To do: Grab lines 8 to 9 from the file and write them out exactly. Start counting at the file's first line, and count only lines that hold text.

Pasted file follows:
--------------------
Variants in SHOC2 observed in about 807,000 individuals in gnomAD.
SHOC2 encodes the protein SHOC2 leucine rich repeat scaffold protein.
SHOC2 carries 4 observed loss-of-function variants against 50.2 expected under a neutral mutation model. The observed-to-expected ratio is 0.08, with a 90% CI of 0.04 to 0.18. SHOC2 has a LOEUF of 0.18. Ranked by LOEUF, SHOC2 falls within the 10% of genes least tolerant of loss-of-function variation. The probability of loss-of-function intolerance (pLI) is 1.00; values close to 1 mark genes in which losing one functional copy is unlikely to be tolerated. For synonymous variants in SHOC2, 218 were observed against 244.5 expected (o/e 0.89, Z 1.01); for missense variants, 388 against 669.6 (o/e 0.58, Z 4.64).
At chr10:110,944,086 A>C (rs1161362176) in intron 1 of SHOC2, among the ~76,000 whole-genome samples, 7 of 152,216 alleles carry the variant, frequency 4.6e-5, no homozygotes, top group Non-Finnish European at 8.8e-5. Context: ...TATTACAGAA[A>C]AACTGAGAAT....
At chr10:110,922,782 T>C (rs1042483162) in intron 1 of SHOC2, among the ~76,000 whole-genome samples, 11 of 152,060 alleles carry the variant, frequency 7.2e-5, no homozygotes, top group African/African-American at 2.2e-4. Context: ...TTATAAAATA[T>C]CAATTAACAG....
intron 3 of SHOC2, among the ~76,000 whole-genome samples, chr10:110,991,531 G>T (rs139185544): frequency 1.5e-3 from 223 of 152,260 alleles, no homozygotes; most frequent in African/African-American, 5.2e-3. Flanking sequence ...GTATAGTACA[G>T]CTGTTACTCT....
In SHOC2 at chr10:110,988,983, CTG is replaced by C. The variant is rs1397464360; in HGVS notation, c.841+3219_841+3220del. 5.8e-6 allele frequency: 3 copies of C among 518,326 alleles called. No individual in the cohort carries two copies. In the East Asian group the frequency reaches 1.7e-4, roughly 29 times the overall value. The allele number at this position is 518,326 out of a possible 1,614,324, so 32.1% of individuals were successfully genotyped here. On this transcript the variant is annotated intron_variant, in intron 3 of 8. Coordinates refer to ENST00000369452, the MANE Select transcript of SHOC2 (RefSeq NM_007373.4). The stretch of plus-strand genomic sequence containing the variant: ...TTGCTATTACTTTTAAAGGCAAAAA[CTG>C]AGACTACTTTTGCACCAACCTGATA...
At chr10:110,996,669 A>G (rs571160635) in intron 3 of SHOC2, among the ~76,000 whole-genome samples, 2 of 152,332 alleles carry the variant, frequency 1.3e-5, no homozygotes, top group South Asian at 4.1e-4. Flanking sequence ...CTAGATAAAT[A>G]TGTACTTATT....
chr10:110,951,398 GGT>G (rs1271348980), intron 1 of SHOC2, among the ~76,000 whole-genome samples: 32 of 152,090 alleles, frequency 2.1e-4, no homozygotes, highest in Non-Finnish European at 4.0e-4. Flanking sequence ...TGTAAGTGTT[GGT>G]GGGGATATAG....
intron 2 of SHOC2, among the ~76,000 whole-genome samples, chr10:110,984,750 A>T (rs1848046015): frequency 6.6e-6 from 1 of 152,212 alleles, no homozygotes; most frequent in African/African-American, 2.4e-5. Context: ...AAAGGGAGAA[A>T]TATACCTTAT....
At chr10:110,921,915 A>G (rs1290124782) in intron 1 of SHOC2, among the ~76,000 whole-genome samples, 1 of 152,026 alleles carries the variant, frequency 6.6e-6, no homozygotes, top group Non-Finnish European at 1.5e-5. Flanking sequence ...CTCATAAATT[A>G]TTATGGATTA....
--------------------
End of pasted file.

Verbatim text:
At chr10:110,996,669 A>G (rs571160635) in intron 3 of SHOC2, among the ~76,000 whole-genome samples, 2 of 152,332 alleles carry the variant, frequency 1.3e-5, no homozygotes, top group South Asian at 4.1e-4. Flanking sequence ...CTAGATAAAT[A>G]TGTACTTATT....
chr10:110,951,398 GGT>G (rs1271348980), intron 1 of SHOC2, among the ~76,000 whole-genome samples: 32 of 152,090 alleles, frequency 2.1e-4, no homozygotes, highest in Non-Finnish European at 4.0e-4. Flanking sequence ...TGTAAGTGTT[GGT>G]GGGGATATAG....